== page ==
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Stead, McMillan – sharing trophy should be considered in future

Martin Guptill

New Zealand’s head coach Gary Stead and New Zealand batting coach Craig McMillan have suggested that sharing the World Cup may be an option to consider in scenarios such as Sunday’s final.

England won the World Cup after a tie in the 50-over match before being unable to be separated once again in the Super Over. However, because England scored more boundaries then New Zealand across the match they were awarded the World Cup.

Gary Stead believed that now might be the right time to review the rules for if a similar situation was to arise again.

“Perhaps when you play over a seven-week period and can’t be separated on the final day, that is something should be considered as well,” Stead said when asked about whether the World Cup should have been shared.

“But again that’s one consideration over a whole lot of things that went on over the World Cup. Everything will be reviewed, and I think that it’s a good time to do it now. But probably just let the dust settle for a while.”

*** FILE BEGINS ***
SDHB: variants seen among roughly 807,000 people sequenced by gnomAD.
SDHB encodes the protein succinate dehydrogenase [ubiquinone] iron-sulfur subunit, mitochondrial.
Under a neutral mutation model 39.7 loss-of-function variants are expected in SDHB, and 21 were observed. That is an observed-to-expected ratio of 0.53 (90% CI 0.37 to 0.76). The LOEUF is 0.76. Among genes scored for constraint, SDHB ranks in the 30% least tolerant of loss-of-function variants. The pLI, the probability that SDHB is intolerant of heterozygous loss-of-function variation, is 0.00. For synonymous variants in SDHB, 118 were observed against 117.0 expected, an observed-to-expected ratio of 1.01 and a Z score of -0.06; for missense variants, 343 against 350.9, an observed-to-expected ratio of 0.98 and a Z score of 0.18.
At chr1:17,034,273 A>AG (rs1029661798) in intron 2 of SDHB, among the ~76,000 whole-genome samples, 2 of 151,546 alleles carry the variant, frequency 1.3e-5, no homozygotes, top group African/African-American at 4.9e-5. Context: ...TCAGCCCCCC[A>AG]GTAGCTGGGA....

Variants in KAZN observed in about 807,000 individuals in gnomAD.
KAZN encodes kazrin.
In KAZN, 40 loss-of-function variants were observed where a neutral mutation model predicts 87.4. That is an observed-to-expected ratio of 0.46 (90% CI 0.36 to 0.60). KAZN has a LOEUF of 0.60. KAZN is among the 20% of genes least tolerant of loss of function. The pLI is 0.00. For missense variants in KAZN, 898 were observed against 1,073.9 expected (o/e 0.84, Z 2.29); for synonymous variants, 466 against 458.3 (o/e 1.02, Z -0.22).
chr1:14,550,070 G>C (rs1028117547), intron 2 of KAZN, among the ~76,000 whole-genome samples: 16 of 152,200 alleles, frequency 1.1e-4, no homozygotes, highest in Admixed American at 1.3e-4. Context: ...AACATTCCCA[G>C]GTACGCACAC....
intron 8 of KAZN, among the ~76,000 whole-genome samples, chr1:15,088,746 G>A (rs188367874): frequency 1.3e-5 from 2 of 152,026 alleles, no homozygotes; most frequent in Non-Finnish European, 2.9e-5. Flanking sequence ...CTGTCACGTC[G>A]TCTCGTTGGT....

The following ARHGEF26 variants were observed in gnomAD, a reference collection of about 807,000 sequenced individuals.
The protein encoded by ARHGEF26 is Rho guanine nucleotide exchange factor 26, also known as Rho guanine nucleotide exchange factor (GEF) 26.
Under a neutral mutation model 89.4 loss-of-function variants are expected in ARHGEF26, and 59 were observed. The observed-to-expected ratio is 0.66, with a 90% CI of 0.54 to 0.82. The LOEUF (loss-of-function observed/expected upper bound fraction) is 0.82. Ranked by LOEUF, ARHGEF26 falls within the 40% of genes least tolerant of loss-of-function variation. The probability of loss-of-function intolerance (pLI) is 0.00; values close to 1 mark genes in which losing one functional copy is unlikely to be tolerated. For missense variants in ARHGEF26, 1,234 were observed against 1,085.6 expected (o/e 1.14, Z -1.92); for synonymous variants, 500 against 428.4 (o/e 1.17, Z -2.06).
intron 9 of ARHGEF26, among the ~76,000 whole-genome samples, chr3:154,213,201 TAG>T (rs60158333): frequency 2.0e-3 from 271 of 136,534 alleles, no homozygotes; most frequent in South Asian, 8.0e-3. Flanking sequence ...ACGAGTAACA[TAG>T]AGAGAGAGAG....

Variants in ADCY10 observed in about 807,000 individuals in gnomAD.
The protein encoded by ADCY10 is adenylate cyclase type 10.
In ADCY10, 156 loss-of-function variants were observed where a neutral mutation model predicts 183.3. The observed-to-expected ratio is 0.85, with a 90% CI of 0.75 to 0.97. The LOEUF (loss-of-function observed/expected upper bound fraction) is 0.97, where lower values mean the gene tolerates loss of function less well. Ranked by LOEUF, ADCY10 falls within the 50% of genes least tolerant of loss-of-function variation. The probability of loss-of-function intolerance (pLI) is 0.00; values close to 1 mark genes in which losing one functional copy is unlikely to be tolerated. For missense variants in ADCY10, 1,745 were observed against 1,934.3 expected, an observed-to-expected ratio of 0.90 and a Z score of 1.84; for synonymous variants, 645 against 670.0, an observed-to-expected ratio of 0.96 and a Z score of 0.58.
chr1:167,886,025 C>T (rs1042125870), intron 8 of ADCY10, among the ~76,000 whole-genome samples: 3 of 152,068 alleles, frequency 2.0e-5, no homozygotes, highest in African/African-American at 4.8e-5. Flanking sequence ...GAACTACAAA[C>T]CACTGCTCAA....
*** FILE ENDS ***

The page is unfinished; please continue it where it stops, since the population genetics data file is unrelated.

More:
The comments come after an intense finish which saw several potentially decisive moments at the end of the match including four overthrows after the ball deflected off Stokes bat and Trent Boult stepping on the boundary trying to take a difficult Ben Stokes catch. In the super-over itself Jofra Archer then saw a marginal wide call go against him for a ball that may have been deemed legal on another day.

New Zealand batting coach Craig McMillan agreed that a shared World Cup should be considered as he suggested sharing the trophy “would be the right thing to do.”

“It is not going to change yesterday’s result. But what is probably fair to say at the end of seven weeks in a big tournament like this, when you have two teams can’t be separated after a 50-over match and then a Super Over and neither team did actually lose in many ways in terms of runs scored.

“Then perhaps sharing the trophy would be the right thing to do. Wasn’t to be yesterday, which we all are disappointed with. But it is sport and those were the rules.”

The Super Over has only been a tiebreaker in World Cups since 2011 and this was the first time it has ever been used in a World Cup Final.

JOEL KIFFIN / Getty Images

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